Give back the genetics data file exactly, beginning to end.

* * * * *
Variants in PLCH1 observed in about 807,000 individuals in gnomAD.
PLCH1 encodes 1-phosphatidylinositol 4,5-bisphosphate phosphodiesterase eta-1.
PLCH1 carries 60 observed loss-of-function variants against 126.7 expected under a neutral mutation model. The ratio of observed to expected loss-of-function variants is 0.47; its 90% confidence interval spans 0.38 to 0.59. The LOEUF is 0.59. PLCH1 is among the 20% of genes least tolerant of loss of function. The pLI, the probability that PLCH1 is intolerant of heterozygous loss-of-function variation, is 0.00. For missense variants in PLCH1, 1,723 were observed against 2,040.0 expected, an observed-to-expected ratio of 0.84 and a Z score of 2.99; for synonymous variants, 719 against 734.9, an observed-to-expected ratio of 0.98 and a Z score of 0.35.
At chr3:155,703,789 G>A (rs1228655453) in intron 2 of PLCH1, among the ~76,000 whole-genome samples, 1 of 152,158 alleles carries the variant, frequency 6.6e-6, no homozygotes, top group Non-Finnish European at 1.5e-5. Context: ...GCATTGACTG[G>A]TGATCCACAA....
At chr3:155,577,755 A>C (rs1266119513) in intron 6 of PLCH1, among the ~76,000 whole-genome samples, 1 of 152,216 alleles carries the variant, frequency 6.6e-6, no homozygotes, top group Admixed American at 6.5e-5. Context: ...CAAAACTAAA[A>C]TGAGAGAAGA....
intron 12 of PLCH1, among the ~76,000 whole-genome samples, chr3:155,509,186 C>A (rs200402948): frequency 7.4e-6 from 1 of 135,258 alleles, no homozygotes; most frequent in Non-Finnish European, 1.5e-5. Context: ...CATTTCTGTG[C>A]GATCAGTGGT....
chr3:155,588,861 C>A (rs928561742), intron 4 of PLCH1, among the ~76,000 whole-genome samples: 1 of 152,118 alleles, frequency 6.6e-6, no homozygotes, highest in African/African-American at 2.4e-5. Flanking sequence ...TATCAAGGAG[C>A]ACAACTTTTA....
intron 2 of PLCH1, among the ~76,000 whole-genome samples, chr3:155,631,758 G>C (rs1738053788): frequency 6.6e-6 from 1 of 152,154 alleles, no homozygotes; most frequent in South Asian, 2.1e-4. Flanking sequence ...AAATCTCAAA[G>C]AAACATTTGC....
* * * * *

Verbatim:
Variants in PLCH1 observed in about 807,000 individuals in gnomAD.
PLCH1 encodes 1-phosphatidylinositol 4,5-bisphosphate phosphodiesterase eta-1.
PLCH1 carries 60 observed loss-of-function variants against 126.7 expected under a neutral mutation model. The ratio of observed to expected loss-of-function variants is 0.47; its 90% confidence interval spans 0.38 to 0.59. The LOEUF is 0.59. PLCH1 is among the 20% of genes least tolerant of loss of function. The pLI, the probability that PLCH1 is intolerant of heterozygous loss-of-function variation, is 0.00. For missense variants in PLCH1, 1,723 were observed against 2,040.0 expected, an observed-to-expected ratio of 0.84 and a Z score of 2.99; for synonymous variants, 719 against 734.9, an observed-to-expected ratio of 0.98 and a Z score of 0.35.
At chr3:155,703,789 G>A (rs1228655453) in intron 2 of PLCH1, among the ~76,000 whole-genome samples, 1 of 152,158 alleles carries the variant, frequency 6.6e-6, no homozygotes, top group Non-Finnish European at 1.5e-5. Context: ...GCATTGACTG[G>A]TGATCCACAA....
At chr3:155,577,755 A>C (rs1266119513) in intron 6 of PLCH1, among the ~76,000 whole-genome samples, 1 of 152,216 alleles carries the variant, frequency 6.6e-6, no homozygotes, top group Admixed American at 6.5e-5. Context: ...CAAAACTAAA[A>C]TGAGAGAAGA....
intron 12 of PLCH1, among the ~76,000 whole-genome samples, chr3:155,509,186 C>A (rs200402948): frequency 7.4e-6 from 1 of 135,258 alleles, no homozygotes; most frequent in Non-Finnish European, 1.5e-5. Context: ...CATTTCTGTG[C>A]GATCAGTGGT....
chr3:155,588,861 C>A (rs928561742), intron 4 of PLCH1, among the ~76,000 whole-genome samples: 1 of 152,118 alleles, frequency 6.6e-6, no homozygotes, highest in African/African-American at 2.4e-5. Flanking sequence ...TATCAAGGAG[C>A]ACAACTTTTA....
intron 2 of PLCH1, among the ~76,000 whole-genome samples, chr3:155,631,758 G>C (rs1738053788): frequency 6.6e-6 from 1 of 152,154 alleles, no homozygotes; most frequent in South Asian, 2.1e-4. Flanking sequence ...AAATCTCAAA[G>C]AAACATTTGC....